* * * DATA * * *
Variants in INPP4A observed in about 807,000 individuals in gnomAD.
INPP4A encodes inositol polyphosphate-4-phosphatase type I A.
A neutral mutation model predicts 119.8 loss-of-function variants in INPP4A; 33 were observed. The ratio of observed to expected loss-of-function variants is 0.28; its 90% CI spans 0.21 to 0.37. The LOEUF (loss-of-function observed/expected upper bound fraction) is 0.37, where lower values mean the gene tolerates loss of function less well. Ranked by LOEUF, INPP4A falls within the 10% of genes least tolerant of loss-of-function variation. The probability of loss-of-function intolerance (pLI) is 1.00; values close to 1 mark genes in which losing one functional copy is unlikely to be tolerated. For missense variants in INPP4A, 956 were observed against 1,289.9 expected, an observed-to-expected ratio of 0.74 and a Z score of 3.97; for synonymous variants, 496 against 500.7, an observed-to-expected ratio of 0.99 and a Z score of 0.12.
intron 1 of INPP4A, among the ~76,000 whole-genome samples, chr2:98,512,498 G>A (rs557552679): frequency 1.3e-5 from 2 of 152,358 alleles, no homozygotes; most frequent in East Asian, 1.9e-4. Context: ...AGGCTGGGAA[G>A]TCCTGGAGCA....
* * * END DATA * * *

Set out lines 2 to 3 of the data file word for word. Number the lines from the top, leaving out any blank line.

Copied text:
INPP4A encodes inositol polyphosphate-4-phosphatase type I A.
A neutral mutation model predicts 119.8 loss-of-function variants in INPP4A; 33 were observed. The ratio of observed to expected loss-of-function variants is 0.28; its 90% CI spans 0.21 to 0.37. The LOEUF (loss-of-function observed/expected upper bound fraction) is 0.37, where lower values mean the gene tolerates loss of function less well. Ranked by LOEUF, INPP4A falls within the 10% of genes least tolerant of loss-of-function variation. The probability of loss-of-function intolerance (pLI) is 1.00; values close to 1 mark genes in which losing one functional copy is unlikely to be tolerated. For missense variants in INPP4A, 956 were observed against 1,289.9 expected, an observed-to-expected ratio of 0.74 and a Z score of 3.97; for synonymous variants, 496 against 500.7, an observed-to-expected ratio of 0.99 and a Z score of 0.12.